Cell Phone Towers: New Age Rainfall Gauge
Cellular phones or Mobile phones have become indispensable in todays age and society. SMS and Mobile Internet made them tools of social networking and information sharing.
Cell phones went scientific with Smart phones becoming sensors for crowd sourcing of environmental data.
Now Imagine Cell phone towers acting as rainfall gauges! A team of researchers from the Royal Netherlands Meteorological Institute and Wageningen University, Netherlands have published a paper – ” Country-wide rainfall maps from cellular communication networks” on using cell phone signals to build rainfall maps.
We all know that Network operators use microwaves to link cellular towers & mobile phones together. When it rains, the signal received at the next tower down the line are weakened by reflection off raindrops. A phenomenon that is referred to as rainfall induced attenuation.
How is this going to help?
The answer lies in the abstract of the paper. From the abstract “Accurate and timely surface precipitation measurements are crucial for water resources management, agriculture, weather prediction, climate research, as well as ground validation of satellite-based precipitation estimates. However, the majority of the land surface of the earth lacks such data, and in many parts of the world the density of surface precipitation gauging networks is even rapidly declining.”
The technique is to record the signal strength of microwave transmissions of each cellular tower from the neighboring tower. Since the distance and signal strength at the transmitting tower are known, it can be easily modeled and any difference in signal strength is a pretty good indicator of attenuation.
Using data provided by T-Mobile, Aart Overeem and his team have developed an algorithm to measure the differences and predict the rainfall level.
In the paper, one can see that the team succeeded in their efforts. They mapped rainfall between June and September 2011 and found that readings derived from cell phone tower data tended to agree with those from the traditional rainfall gauges and radar.
This could really solve the power of having accurate measure of rainfall in different parts of the world. WIth decreasing number of rainfall gauges, meteorologists across the world were having issues predicting and quantifying rainfall in remote locations and locations that were in between 2 rainfall gauges. This innovative idea can help solve that issue and help measure rainfall with much better accuracy.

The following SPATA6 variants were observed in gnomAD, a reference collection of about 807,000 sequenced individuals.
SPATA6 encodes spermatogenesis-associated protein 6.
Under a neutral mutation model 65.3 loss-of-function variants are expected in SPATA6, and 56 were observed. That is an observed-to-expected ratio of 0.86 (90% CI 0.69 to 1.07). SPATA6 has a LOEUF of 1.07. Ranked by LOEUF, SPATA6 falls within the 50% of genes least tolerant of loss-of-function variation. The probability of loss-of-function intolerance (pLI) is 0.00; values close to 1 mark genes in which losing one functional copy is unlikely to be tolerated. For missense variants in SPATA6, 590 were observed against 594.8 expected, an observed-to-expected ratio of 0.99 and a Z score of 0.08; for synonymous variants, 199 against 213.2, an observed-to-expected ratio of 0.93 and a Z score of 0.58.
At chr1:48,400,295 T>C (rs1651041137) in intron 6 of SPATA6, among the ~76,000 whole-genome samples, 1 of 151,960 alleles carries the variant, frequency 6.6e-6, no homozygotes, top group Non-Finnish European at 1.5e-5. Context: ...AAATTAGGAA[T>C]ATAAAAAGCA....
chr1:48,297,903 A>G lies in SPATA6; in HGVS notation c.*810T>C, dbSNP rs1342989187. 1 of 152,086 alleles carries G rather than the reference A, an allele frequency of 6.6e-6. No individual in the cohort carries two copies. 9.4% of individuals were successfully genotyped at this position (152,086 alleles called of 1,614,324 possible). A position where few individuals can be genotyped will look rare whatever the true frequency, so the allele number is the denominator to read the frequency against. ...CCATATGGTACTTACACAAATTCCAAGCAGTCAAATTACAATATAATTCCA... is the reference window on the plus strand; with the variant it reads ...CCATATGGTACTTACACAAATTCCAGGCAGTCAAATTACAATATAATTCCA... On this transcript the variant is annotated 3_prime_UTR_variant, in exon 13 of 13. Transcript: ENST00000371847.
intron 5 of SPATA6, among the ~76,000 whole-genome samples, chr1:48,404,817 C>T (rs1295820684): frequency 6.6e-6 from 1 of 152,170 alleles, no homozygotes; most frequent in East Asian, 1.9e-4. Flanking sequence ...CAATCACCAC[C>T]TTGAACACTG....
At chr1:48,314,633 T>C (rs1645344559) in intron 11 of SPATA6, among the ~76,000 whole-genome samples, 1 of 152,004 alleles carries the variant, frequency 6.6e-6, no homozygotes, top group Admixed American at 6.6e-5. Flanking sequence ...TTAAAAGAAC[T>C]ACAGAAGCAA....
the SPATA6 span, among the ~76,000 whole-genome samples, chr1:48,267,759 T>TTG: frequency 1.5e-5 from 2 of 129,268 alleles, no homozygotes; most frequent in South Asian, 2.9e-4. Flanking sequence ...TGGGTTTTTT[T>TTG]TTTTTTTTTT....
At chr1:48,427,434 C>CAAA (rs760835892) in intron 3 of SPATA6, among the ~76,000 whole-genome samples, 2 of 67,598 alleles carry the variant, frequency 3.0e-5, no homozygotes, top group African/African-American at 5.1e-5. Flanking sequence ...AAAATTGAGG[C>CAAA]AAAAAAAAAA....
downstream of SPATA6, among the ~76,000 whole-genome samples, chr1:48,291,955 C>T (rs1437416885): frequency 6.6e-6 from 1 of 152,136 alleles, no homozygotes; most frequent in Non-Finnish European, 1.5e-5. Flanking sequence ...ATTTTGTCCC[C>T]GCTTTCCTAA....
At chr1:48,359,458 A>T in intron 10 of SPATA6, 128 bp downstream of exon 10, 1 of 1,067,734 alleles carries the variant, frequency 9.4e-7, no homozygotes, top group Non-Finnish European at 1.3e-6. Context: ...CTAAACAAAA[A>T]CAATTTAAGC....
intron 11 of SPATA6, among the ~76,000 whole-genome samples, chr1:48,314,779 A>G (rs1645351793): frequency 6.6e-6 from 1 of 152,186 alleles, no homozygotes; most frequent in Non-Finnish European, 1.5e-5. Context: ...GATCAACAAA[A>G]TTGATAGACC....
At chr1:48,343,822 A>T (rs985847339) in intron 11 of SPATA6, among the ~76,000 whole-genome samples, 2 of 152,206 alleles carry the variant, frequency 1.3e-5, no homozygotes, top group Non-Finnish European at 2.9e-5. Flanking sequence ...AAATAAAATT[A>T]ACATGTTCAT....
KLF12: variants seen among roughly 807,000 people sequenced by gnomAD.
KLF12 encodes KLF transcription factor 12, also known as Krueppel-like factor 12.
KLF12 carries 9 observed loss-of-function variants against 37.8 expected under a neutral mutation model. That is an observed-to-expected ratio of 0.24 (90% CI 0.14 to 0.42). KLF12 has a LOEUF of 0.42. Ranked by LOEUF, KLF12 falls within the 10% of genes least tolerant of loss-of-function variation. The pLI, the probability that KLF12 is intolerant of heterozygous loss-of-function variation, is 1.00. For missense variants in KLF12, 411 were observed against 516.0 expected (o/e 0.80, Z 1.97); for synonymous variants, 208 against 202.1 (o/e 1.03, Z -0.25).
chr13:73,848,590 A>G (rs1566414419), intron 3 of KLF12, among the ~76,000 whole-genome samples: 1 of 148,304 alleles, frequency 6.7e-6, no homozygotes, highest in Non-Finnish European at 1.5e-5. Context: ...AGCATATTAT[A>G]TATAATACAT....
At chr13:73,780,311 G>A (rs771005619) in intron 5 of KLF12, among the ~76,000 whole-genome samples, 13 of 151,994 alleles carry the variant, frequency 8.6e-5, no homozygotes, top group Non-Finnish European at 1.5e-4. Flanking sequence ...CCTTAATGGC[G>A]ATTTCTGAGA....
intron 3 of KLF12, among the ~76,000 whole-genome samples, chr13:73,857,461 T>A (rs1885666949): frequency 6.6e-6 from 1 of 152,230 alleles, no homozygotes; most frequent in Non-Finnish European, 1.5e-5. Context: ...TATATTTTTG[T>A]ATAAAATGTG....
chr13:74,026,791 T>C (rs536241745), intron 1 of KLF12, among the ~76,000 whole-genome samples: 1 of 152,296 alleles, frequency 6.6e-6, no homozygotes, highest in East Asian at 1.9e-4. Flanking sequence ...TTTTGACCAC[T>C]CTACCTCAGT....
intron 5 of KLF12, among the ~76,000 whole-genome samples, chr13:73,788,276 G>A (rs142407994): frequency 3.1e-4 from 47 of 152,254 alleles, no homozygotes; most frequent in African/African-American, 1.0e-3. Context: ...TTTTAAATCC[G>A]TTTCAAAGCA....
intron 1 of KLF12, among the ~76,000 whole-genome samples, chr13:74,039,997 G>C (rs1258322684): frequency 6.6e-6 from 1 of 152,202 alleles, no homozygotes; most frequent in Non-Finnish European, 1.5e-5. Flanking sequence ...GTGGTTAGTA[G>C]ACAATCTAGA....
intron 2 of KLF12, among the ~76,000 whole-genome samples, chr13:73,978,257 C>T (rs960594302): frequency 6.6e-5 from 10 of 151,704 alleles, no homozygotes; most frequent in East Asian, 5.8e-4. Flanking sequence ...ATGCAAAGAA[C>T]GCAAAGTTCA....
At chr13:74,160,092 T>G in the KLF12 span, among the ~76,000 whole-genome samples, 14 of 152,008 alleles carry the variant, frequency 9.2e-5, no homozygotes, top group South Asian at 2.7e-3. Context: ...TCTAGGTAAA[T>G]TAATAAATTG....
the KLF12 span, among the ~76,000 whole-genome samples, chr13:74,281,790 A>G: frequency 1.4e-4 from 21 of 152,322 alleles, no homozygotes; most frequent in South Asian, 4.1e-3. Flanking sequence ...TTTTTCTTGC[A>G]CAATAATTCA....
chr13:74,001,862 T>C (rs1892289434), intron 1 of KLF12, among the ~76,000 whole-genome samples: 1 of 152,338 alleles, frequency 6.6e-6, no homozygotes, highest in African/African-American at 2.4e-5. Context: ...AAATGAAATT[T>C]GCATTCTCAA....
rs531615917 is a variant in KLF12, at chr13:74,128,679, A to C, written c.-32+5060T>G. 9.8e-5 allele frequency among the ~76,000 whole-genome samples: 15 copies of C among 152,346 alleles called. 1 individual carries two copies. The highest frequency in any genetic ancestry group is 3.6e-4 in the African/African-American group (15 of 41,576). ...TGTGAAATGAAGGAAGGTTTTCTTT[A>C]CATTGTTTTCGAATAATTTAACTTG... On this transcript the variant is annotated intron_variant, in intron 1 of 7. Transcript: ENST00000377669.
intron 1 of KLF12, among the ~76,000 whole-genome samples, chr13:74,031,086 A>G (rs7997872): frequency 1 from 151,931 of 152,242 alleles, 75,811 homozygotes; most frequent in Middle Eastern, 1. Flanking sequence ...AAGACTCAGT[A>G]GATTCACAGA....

Cell Phone Towers are the new age rainfall gauges.
British Library’s Georeferencer project
Maps are certainly beautiful. The beauty and magnificence of maps are something all of us have witnessed in the past. If you dont agree with me, then take a look at british library’s treasure trove! By now, I bet you are just as fascinated by maps as I am.
All said, somehow I feel the beauty of maps lies with the old maps. The maps of the yesteryears were the best. The cartography was amazing. Hold that thought right there!
Imagine having a API that lets you view old maps of your city and overlay them on top of the latest satellite imagery. Imagine being able to see ancient/historic and modern maps at the same time. Imagine being able to see something like a Map timeline using a slider. A wonderful wish indeed!
Now that where British Library needs your help. Its in the process of turning all those wonderful ancient maps it has into a digital treasure trove.
For our wonderful dream to come true, British library is seeking people to help Georeference the old maps. Its quite simple: we find locations that can be considered as control points and georeference them.
At the end of it all, its easy for us to slide through centuries and view the city when it was young. Marvel at the accuracy of cartographers who didnt have GPS, Total Stations and other modern surveying equipment to prepare these maps.
We can visualize the errors, upload it to Google Earth and a lot of other cool stuff as well.
So what are you waiting for, go georeferencing then for British Library!
P.S: British Library even has the statistics of people who helped them the most – have a look.